[C#] Static

I think every developer knows how static members of a class behave in your application. Static members are class-level fields and methods. They are not specific to each object.

In this article, I will explain static constructors and static classes. It is easy to understand how they work but there are some rules to follow.


1. Initializing Static Fields

When the default value of a static variable is known at compile time, you can just assign the value to a static field where the variable is declared.

public class Account
  public static double interestRate = 0.2;


2. Static Constructors

What if you do not know the value at compile time and the value should be retrieved at runtime? In the real banking applications, the interest rate usually retrieved from DB or a file.

To initialize the static members, C# provides static constructors.

  • Only a single static constructor can be defined. The static constructor cannot be overloaded
  • A static constructor does not take an access modifier
  • A static constructor does nor take any parameters
  • A static constructor executes exactly one time when the first instance of the class is created or when the first access to any static member is requested
  • The static constructor executes before any instance-level constructors
public class SavingsAccount
  public static double currInterestRate;

  static SavingsAccount()
    // read the rate from DB
    currInterestRate = ...;


3. Static Classes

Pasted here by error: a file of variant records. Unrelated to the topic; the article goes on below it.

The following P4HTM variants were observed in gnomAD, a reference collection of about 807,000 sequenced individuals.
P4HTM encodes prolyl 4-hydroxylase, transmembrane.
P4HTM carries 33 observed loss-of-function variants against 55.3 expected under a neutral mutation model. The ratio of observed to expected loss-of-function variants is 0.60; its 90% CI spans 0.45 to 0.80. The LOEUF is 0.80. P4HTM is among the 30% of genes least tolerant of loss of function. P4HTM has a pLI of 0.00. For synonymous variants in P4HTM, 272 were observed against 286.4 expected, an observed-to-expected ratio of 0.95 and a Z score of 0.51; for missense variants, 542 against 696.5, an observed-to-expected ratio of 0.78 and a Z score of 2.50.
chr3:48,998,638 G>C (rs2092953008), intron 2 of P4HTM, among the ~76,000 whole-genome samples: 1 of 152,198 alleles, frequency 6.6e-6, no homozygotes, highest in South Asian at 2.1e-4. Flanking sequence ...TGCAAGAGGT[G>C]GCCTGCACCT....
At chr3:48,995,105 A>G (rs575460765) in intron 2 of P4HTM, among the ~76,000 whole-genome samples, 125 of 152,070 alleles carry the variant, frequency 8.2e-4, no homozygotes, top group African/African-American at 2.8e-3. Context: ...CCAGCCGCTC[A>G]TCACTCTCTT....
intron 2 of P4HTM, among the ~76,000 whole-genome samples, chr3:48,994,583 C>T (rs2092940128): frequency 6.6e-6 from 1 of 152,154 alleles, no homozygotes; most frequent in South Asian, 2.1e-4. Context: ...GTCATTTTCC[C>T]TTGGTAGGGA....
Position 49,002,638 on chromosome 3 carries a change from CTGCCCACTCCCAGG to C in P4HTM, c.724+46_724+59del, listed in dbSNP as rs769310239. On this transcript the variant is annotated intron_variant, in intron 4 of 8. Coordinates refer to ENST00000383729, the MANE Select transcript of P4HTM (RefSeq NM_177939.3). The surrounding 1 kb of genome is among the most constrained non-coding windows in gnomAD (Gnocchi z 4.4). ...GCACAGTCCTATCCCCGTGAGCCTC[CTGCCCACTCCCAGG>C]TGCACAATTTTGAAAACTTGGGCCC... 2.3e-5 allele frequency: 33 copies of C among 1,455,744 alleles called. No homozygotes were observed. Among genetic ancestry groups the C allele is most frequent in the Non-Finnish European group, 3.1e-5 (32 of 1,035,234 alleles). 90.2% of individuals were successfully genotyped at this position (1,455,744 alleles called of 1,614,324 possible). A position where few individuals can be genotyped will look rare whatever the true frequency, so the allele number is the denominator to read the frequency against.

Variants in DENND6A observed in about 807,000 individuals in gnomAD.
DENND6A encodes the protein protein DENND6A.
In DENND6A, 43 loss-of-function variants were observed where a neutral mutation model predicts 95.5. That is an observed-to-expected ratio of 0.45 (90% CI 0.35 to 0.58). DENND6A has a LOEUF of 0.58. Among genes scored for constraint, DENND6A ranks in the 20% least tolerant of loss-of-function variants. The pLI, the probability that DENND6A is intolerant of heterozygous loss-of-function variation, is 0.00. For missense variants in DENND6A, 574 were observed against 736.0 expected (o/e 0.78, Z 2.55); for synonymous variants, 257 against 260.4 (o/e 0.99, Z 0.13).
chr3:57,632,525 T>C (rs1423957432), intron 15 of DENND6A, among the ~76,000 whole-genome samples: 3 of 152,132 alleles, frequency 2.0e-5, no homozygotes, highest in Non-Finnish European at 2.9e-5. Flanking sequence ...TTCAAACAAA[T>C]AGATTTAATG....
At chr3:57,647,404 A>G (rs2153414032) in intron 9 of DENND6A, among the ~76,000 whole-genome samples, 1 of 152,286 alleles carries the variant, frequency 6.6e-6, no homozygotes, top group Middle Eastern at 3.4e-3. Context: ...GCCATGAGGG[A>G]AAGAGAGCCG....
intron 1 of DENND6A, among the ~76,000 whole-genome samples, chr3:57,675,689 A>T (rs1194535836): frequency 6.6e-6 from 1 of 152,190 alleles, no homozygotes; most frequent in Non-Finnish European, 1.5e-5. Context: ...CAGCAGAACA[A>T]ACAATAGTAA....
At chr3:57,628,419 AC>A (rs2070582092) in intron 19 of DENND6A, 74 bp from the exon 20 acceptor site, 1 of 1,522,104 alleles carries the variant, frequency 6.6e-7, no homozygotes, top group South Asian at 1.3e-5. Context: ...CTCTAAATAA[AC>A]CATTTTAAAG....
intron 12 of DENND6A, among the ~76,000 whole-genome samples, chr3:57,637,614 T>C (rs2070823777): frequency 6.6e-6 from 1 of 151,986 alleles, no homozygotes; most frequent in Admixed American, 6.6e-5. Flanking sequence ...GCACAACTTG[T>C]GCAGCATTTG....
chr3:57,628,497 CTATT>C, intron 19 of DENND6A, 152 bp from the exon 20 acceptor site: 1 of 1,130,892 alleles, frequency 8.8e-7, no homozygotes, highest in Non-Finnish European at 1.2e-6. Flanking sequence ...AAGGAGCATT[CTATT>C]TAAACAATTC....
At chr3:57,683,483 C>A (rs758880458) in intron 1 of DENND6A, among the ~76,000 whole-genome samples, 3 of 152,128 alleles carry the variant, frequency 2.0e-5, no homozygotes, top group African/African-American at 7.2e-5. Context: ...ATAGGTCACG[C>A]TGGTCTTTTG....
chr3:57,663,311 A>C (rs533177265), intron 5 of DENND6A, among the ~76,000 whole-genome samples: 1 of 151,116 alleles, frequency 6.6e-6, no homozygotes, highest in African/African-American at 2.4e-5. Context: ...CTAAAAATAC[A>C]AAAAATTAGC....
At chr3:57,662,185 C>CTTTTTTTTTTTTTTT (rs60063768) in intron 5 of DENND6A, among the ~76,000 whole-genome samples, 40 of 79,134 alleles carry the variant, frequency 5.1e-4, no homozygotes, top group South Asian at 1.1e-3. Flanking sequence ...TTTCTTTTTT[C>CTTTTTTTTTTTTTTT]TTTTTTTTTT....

You might create a class that only consists of static members. Utility classes can be an example. For this kind of class, it is meaningless to create an instance of the class. You can use some tricks to prevent the class from being instantiated; such as private constructors.

Designers of .NET knows this issue and allow you can apply the “static” keyword directly on the class level.

  • A static class can not be instantiated using the “new” keyword.
  • A static class may include only static fields and methods.
  • A static class is implicitly sealed. You can derive a class from a static class.
public static class SimpleCalculator
  public static int Add(int a, int b) { return a + b; }
  public static int Multiply(int a, int b) { return a * b; }

  public static void Test()
    Console.WriteLine("1 + 2 = {0}", SimpleCalculator.Add(1, 2));
    Console.WriteLine("1 * 2 = {0}", SimpleCalculator.Multiply(1, 2));

    // SimpleCalculator cal = new SimpleCalculator(); // Error


// Error:
// cannot be derived from static class
public class ComplexCalculator : SimpleCalculator


4. static readonly vs. const

A static readonly field and a const field work very similarly. The main difference between two is how you can initialize them.

  • At runtime using the static constructor : static readonly
  • At compile time: both static readonly and const

So if you know the value at compile time use a const field. If you need to set the value at runtime, use a static readonly.

public class SavingsAccount
  public const double primeInterestRate = 2.3;
  public static readonly double specialInterestRate;
  static SavingsAccount()
    currInterestRate = ...; //from DB or a file

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